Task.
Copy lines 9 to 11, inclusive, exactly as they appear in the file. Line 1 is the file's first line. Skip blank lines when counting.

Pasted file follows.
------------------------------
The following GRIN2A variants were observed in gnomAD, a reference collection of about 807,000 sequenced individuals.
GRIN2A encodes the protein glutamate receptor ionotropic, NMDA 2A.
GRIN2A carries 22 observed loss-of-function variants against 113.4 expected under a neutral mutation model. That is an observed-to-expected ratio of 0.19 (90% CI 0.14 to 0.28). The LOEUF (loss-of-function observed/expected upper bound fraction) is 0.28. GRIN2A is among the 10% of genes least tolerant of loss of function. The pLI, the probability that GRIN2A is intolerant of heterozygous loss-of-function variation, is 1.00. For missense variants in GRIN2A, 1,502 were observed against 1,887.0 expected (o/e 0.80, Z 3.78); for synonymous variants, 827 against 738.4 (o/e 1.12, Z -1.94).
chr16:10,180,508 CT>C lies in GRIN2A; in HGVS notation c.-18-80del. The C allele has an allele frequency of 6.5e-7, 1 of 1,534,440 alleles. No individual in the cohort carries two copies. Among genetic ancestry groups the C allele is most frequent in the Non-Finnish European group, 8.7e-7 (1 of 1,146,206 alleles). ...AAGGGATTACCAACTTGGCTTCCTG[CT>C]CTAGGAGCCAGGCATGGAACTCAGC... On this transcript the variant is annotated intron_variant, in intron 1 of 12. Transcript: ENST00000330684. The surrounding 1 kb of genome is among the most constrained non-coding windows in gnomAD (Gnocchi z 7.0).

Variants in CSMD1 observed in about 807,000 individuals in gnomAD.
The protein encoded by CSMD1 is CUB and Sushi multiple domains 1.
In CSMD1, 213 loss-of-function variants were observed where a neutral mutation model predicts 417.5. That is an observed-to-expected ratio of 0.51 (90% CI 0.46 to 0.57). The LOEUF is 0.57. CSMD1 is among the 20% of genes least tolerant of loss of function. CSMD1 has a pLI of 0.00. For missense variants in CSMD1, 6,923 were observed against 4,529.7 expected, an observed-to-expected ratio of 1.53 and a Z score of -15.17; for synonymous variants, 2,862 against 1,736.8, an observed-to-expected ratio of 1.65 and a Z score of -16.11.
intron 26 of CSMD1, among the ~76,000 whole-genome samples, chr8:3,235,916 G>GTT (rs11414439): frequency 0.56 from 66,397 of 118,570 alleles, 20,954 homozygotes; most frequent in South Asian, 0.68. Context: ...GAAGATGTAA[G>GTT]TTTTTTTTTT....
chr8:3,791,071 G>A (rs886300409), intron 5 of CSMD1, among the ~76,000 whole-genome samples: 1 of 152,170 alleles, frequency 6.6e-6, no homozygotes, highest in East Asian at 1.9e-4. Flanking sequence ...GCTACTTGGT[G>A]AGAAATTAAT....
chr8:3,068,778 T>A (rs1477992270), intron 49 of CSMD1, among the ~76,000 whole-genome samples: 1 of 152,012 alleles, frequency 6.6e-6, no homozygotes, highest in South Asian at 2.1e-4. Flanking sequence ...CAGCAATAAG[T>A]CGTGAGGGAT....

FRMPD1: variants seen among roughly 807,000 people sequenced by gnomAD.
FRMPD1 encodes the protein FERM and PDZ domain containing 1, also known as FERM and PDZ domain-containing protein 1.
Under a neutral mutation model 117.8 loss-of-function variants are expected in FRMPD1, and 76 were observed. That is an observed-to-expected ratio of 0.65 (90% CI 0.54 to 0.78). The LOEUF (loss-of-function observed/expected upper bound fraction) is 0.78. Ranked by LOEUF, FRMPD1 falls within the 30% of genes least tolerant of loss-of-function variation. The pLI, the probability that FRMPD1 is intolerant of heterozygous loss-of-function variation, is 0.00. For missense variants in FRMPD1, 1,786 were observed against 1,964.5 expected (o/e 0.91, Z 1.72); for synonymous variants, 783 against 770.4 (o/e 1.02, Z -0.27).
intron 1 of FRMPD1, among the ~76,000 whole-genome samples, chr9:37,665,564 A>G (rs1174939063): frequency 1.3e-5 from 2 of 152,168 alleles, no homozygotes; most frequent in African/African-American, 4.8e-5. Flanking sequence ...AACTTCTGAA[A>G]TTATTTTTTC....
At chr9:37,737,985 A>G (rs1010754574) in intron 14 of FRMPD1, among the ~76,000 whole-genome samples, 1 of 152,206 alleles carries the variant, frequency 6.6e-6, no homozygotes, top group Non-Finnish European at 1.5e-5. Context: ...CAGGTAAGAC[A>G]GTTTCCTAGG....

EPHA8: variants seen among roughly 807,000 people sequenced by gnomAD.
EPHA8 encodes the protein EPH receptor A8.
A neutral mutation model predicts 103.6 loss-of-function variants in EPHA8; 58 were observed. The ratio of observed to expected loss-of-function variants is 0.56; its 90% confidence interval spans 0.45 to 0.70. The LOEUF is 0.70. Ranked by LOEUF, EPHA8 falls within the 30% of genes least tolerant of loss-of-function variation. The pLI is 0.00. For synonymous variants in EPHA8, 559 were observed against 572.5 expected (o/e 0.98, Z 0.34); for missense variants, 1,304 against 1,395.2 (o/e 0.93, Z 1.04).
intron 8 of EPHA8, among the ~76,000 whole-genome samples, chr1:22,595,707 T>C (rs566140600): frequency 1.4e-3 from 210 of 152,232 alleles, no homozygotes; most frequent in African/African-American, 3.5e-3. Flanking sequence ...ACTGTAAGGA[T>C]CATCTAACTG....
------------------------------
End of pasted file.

chr8:3,791,071 G>A (rs886300409), intron 5 of CSMD1, among the ~76,000 whole-genome samples: 1 of 152,170 alleles, frequency 6.6e-6, no homozygotes, highest in East Asian at 1.9e-4. Flanking sequence ...GCTACTTGGT[G>A]AGAAATTAAT....
chr8:3,068,778 T>A (rs1477992270), intron 49 of CSMD1, among the ~76,000 whole-genome samples: 1 of 152,012 alleles, frequency 6.6e-6, no homozygotes, highest in South Asian at 2.1e-4. Flanking sequence ...CAGCAATAAG[T>A]CGTGAGGGAT....

FRMPD1: variants seen among roughly 807,000 people sequenced by gnomAD.